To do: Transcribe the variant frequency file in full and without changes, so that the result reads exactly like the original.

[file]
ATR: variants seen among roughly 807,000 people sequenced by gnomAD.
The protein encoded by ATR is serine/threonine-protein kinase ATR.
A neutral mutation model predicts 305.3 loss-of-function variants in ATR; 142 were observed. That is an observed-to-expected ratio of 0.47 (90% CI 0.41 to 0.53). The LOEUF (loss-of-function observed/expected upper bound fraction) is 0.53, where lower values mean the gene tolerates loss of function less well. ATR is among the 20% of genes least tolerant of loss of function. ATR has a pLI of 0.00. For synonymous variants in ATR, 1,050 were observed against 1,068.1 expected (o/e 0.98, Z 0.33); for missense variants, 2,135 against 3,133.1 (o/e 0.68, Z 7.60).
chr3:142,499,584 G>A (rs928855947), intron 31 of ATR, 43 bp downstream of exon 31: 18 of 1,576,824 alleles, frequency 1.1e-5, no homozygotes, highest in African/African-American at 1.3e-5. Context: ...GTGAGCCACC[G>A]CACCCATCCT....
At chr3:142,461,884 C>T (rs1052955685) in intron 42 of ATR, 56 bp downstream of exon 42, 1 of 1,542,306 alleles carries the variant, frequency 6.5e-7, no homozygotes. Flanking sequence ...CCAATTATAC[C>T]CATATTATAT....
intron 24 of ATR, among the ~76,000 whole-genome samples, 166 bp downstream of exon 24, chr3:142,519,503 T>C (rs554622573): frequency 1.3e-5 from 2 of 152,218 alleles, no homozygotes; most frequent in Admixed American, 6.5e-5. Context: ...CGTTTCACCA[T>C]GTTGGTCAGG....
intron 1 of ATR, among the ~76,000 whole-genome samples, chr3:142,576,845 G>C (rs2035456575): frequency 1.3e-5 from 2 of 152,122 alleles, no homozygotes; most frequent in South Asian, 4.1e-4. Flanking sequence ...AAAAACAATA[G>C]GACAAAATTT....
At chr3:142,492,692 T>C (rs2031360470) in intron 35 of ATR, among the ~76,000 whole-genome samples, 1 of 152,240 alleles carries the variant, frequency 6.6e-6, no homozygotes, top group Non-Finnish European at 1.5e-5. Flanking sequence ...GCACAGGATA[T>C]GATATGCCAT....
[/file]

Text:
ATR: variants seen among roughly 807,000 people sequenced by gnomAD.
The protein encoded by ATR is serine/threonine-protein kinase ATR.
A neutral mutation model predicts 305.3 loss-of-function variants in ATR; 142 were observed. That is an observed-to-expected ratio of 0.47 (90% CI 0.41 to 0.53). The LOEUF (loss-of-function observed/expected upper bound fraction) is 0.53, where lower values mean the gene tolerates loss of function less well. ATR is among the 20% of genes least tolerant of loss of function. ATR has a pLI of 0.00. For synonymous variants in ATR, 1,050 were observed against 1,068.1 expected (o/e 0.98, Z 0.33); for missense variants, 2,135 against 3,133.1 (o/e 0.68, Z 7.60).
chr3:142,499,584 G>A (rs928855947), intron 31 of ATR, 43 bp downstream of exon 31: 18 of 1,576,824 alleles, frequency 1.1e-5, no homozygotes, highest in African/African-American at 1.3e-5. Context: ...GTGAGCCACC[G>A]CACCCATCCT....
At chr3:142,461,884 C>T (rs1052955685) in intron 42 of ATR, 56 bp downstream of exon 42, 1 of 1,542,306 alleles carries the variant, frequency 6.5e-7, no homozygotes. Flanking sequence ...CCAATTATAC[C>T]CATATTATAT....
intron 24 of ATR, among the ~76,000 whole-genome samples, 166 bp downstream of exon 24, chr3:142,519,503 T>C (rs554622573): frequency 1.3e-5 from 2 of 152,218 alleles, no homozygotes; most frequent in Admixed American, 6.5e-5. Context: ...CGTTTCACCA[T>C]GTTGGTCAGG....
intron 1 of ATR, among the ~76,000 whole-genome samples, chr3:142,576,845 G>C (rs2035456575): frequency 1.3e-5 from 2 of 152,122 alleles, no homozygotes; most frequent in South Asian, 4.1e-4. Flanking sequence ...AAAAACAATA[G>C]GACAAAATTT....
At chr3:142,492,692 T>C (rs2031360470) in intron 35 of ATR, among the ~76,000 whole-genome samples, 1 of 152,240 alleles carries the variant, frequency 6.6e-6, no homozygotes, top group Non-Finnish European at 1.5e-5. Flanking sequence ...GCACAGGATA[T>C]GATATGCCAT....